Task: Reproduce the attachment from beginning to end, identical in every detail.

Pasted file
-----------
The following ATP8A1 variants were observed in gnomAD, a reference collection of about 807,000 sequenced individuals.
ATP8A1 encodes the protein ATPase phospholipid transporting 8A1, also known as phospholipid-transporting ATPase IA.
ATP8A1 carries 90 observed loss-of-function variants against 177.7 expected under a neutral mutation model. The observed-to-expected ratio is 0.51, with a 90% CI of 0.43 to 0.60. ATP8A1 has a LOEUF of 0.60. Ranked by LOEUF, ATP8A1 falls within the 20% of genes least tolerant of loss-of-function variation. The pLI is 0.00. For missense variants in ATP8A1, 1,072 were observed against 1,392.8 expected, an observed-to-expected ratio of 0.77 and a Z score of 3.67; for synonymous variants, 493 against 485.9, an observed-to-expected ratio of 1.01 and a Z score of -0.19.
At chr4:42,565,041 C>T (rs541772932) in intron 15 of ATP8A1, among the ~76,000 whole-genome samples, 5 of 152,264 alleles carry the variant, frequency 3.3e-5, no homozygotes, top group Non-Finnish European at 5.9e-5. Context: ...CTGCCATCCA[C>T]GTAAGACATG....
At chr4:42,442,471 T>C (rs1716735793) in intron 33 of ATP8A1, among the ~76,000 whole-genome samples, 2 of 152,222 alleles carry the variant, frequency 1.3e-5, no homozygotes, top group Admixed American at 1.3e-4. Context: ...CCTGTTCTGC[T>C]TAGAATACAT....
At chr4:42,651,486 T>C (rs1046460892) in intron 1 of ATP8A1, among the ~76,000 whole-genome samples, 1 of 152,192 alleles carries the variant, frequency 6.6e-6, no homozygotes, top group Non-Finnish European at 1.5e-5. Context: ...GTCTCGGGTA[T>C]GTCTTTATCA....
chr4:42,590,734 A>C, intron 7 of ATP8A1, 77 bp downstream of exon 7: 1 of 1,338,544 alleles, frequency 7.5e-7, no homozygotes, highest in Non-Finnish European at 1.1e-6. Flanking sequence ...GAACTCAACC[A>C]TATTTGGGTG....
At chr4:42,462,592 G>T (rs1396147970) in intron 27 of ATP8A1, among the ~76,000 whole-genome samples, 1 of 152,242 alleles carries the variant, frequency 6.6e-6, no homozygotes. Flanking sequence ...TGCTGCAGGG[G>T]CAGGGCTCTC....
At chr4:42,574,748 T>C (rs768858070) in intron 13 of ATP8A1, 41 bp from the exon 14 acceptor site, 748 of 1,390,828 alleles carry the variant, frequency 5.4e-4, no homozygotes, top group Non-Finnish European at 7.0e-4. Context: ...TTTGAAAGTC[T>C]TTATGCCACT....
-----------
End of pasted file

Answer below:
The following ATP8A1 variants were observed in gnomAD, a reference collection of about 807,000 sequenced individuals.
ATP8A1 encodes the protein ATPase phospholipid transporting 8A1, also known as phospholipid-transporting ATPase IA.
ATP8A1 carries 90 observed loss-of-function variants against 177.7 expected under a neutral mutation model. The observed-to-expected ratio is 0.51, with a 90% CI of 0.43 to 0.60. ATP8A1 has a LOEUF of 0.60. Ranked by LOEUF, ATP8A1 falls within the 20% of genes least tolerant of loss-of-function variation. The pLI is 0.00. For missense variants in ATP8A1, 1,072 were observed against 1,392.8 expected, an observed-to-expected ratio of 0.77 and a Z score of 3.67; for synonymous variants, 493 against 485.9, an observed-to-expected ratio of 1.01 and a Z score of -0.19.
At chr4:42,565,041 C>T (rs541772932) in intron 15 of ATP8A1, among the ~76,000 whole-genome samples, 5 of 152,264 alleles carry the variant, frequency 3.3e-5, no homozygotes, top group Non-Finnish European at 5.9e-5. Context: ...CTGCCATCCA[C>T]GTAAGACATG....
At chr4:42,442,471 T>C (rs1716735793) in intron 33 of ATP8A1, among the ~76,000 whole-genome samples, 2 of 152,222 alleles carry the variant, frequency 1.3e-5, no homozygotes, top group Admixed American at 1.3e-4. Context: ...CCTGTTCTGC[T>C]TAGAATACAT....
At chr4:42,651,486 T>C (rs1046460892) in intron 1 of ATP8A1, among the ~76,000 whole-genome samples, 1 of 152,192 alleles carries the variant, frequency 6.6e-6, no homozygotes, top group Non-Finnish European at 1.5e-5. Context: ...GTCTCGGGTA[T>C]GTCTTTATCA....
chr4:42,590,734 A>C, intron 7 of ATP8A1, 77 bp downstream of exon 7: 1 of 1,338,544 alleles, frequency 7.5e-7, no homozygotes, highest in Non-Finnish European at 1.1e-6. Flanking sequence ...GAACTCAACC[A>C]TATTTGGGTG....
At chr4:42,462,592 G>T (rs1396147970) in intron 27 of ATP8A1, among the ~76,000 whole-genome samples, 1 of 152,242 alleles carries the variant, frequency 6.6e-6, no homozygotes. Flanking sequence ...TGCTGCAGGG[G>T]CAGGGCTCTC....
At chr4:42,574,748 T>C (rs768858070) in intron 13 of ATP8A1, 41 bp from the exon 14 acceptor site, 748 of 1,390,828 alleles carry the variant, frequency 5.4e-4, no homozygotes, top group Non-Finnish European at 7.0e-4. Context: ...TTTGAAAGTC[T>C]TTATGCCACT....